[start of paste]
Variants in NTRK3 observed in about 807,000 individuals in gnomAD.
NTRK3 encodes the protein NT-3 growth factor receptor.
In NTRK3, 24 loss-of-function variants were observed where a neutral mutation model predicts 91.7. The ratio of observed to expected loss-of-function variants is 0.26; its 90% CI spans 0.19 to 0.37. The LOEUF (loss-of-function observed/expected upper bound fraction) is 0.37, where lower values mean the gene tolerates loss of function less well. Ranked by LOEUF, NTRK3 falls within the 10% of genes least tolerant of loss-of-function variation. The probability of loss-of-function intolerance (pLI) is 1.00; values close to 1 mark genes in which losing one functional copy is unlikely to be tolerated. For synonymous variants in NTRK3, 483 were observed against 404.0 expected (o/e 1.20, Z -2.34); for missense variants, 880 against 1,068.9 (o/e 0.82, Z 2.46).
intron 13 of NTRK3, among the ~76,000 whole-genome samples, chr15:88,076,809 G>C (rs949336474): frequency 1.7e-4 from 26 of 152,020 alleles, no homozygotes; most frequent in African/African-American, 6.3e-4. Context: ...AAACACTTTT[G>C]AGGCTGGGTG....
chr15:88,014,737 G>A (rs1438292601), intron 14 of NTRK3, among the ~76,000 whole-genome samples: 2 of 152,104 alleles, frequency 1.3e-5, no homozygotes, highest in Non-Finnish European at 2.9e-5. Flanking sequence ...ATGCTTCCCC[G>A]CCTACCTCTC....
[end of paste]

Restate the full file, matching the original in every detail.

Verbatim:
Variants in NTRK3 observed in about 807,000 individuals in gnomAD.
NTRK3 encodes the protein NT-3 growth factor receptor.
In NTRK3, 24 loss-of-function variants were observed where a neutral mutation model predicts 91.7. The ratio of observed to expected loss-of-function variants is 0.26; its 90% CI spans 0.19 to 0.37. The LOEUF (loss-of-function observed/expected upper bound fraction) is 0.37, where lower values mean the gene tolerates loss of function less well. Ranked by LOEUF, NTRK3 falls within the 10% of genes least tolerant of loss-of-function variation. The probability of loss-of-function intolerance (pLI) is 1.00; values close to 1 mark genes in which losing one functional copy is unlikely to be tolerated. For synonymous variants in NTRK3, 483 were observed against 404.0 expected (o/e 1.20, Z -2.34); for missense variants, 880 against 1,068.9 (o/e 0.82, Z 2.46).
intron 13 of NTRK3, among the ~76,000 whole-genome samples, chr15:88,076,809 G>C (rs949336474): frequency 1.7e-4 from 26 of 152,020 alleles, no homozygotes; most frequent in African/African-American, 6.3e-4. Context: ...AAACACTTTT[G>C]AGGCTGGGTG....
chr15:88,014,737 G>A (rs1438292601), intron 14 of NTRK3, among the ~76,000 whole-genome samples: 2 of 152,104 alleles, frequency 1.3e-5, no homozygotes, highest in Non-Finnish European at 2.9e-5. Flanking sequence ...ATGCTTCCCC[G>A]CCTACCTCTC....